Greg Boyd’s Trinity & Process has been a dietary staple for Dwayne and me here since we started nearly two years ago. It was one of the burdens of this site to argue that open theism, as it has generally been promoted, has a deficient understanding of divine transcendence and that nothing about the open view of the future requires this deficiency. Much of the past two years here has been spent advocating a more robust view of divine transcendence consistent with the open view of the future. And as we’ve seen, this “more robust” concept turns on an axis whose north and south poles are apatheia (as we’ve tried to articulate it) and Chalcedonian Christology. It’s our view that Trinity & Process plays its part here by making very plausible the integration of traditional/classical and more process values and intuitions. All this is past news now. We’ve nothing new to add.
In chatting about where to venture next, Dwayne and I agree enough has been said about Trinity & Process to establish our point in that regard. Time to move on. And though we do espouse an open view of the future and divine epistemic openness regarding the future, we no longer explicitly promote “open theism” since in the end we were unable to establish the essentials of its theological vision. So while we’ll continue to reflect theologically in terms of an open future (libertarian freedom and divine epistemic openness) we’re not particularly invested in open theism as a theological movement. That may change. In the meantime…
…We’re interested in spiritual formation within an open worldview and the truth of Chalcedon. And in this respect James Loder (1931-2011) has been on our back burner for some time. His work has influenced us both deeply, though Dwayne’s far more in touch with his thought than I am. So we’ll be making Loder a main focus this year. If you’re unfamiliar with him, I hope something we say will inspire you to ponder his work. No need for me to summarize his bio. It’s all available online. He was a well-known and beloved member of Princeton’s faculty (practical theology) for decades. His fundamental insights have to do with the relation of the Holy Spirit and the human spirit in ways that respect the sciences (psychology) and the dynamics of human development and transformation. His three main published books are The Transforming Moment (1981, 1989), The Knight’s Move (1992) and The Logic of the Spirit (1998). For a helpful introduction see this. I suspect we’ll be discussing Fowler, Nesteruk, Frankl and Dallas Willard among others. Should be a fun year exploring the nature of the concrete, lived experience of Chalcedonian Christology. We won’t be especially concerned to defend Chalcedon. We’ll pretty much assume it. What we wish to explore is the living of it.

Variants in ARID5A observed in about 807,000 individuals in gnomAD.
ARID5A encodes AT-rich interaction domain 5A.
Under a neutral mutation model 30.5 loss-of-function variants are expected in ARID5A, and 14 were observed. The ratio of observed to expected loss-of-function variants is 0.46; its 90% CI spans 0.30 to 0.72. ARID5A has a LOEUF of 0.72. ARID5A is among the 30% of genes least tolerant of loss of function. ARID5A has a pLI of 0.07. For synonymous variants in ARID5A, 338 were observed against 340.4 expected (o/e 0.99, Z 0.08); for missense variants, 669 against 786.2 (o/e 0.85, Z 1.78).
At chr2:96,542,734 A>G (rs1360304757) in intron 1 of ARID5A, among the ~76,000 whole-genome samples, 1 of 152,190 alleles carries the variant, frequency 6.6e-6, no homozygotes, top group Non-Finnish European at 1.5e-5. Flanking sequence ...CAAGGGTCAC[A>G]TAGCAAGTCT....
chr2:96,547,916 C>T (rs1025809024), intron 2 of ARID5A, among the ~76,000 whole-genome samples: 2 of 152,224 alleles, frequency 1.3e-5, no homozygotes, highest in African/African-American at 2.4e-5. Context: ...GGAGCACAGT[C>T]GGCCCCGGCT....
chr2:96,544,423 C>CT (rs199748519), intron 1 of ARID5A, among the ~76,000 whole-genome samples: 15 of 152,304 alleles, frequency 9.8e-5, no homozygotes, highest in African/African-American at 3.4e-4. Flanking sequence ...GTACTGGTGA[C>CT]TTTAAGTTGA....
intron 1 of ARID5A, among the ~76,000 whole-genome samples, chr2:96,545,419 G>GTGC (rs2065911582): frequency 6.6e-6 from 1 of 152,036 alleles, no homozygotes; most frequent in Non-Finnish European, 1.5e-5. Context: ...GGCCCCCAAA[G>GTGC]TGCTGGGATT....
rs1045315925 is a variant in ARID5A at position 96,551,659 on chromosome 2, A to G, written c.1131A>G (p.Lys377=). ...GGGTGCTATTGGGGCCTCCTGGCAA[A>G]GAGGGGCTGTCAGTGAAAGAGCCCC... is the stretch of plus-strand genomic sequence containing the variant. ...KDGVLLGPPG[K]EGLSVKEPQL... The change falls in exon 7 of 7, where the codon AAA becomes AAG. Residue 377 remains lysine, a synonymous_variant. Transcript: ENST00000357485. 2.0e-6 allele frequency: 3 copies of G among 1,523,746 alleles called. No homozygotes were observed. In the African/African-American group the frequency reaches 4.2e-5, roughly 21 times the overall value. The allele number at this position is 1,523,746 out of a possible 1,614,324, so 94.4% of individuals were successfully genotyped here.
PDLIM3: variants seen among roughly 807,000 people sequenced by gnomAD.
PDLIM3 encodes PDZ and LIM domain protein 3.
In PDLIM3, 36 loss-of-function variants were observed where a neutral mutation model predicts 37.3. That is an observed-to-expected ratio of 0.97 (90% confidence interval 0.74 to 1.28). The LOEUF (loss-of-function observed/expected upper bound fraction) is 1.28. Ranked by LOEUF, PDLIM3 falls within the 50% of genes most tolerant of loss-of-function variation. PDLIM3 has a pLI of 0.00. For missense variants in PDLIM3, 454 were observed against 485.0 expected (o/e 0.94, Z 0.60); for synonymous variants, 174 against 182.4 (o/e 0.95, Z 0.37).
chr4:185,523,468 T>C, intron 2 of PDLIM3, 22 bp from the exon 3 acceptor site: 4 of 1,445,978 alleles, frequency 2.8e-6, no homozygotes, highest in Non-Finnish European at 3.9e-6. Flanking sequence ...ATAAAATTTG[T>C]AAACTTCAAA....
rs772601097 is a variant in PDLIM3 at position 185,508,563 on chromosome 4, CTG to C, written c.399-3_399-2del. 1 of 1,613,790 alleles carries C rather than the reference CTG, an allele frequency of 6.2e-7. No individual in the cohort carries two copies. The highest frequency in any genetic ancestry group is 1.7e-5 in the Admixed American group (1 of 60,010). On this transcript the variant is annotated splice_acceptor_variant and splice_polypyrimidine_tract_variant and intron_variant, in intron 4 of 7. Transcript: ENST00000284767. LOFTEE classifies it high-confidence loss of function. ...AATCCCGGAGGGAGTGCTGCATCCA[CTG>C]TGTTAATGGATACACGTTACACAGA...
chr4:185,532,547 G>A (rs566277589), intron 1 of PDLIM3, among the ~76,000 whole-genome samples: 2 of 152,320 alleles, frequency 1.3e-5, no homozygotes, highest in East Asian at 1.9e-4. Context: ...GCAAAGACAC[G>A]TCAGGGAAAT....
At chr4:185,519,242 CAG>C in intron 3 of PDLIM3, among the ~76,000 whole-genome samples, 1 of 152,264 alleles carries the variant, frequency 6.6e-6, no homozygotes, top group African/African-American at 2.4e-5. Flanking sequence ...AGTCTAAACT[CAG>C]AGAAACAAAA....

To whet your appetite, here’s a wonderful passage of Loder’s from The Transforming Moment:
…to lay hold on that remarkable intelligibility by which one’s fragmentary existence becomes the bearer of the whole, that intelligibility through which all things have been made—to lay hold on that by faith is to touch the ark of the covenant, it is to hear “the sound of a mighty wind,” as “the roar of the New Jerusalem” and it is to die.
Who wants to die so that the uncreated light and life of God may indwell human flesh and turn everything we do into the work of God’s Spirit?
Holy in its nature, the life of the Spirit is stunning in its impact; the depths of its mysterious centered silence remains unmoved, intensely personal, even in its rush through the walls of the upper room, its pause to console, its power to disclose and to heal, and its provocation to joy and exuberant praise.
If we do die, then all that we saw in Him and in ourselves because of Him as He sat at table with us, now becomes in our death the transformation of ordinary existence. We become in our individual and common life the outer expression of His invisible nature, including the darkness of dereliction as well as the light of the transfiguration—that by which condemnation is condemned, false light is itself falsified, and daily life is a continuing intra-mundane ecstasy.
Who will die to bear witness to the inner life of God, to become an expression of this higher order? Not many—or perhaps, in another way, somewhere inside, all of us know we are supposed to die. In moments of deeply centered reflection we know the death instinct is not biological but teleological—we have been given life so as to die for what is so much more important than our own lives. If we just knew a bit more—if we could just put our hand and touch it, to be sure we are not being deceived.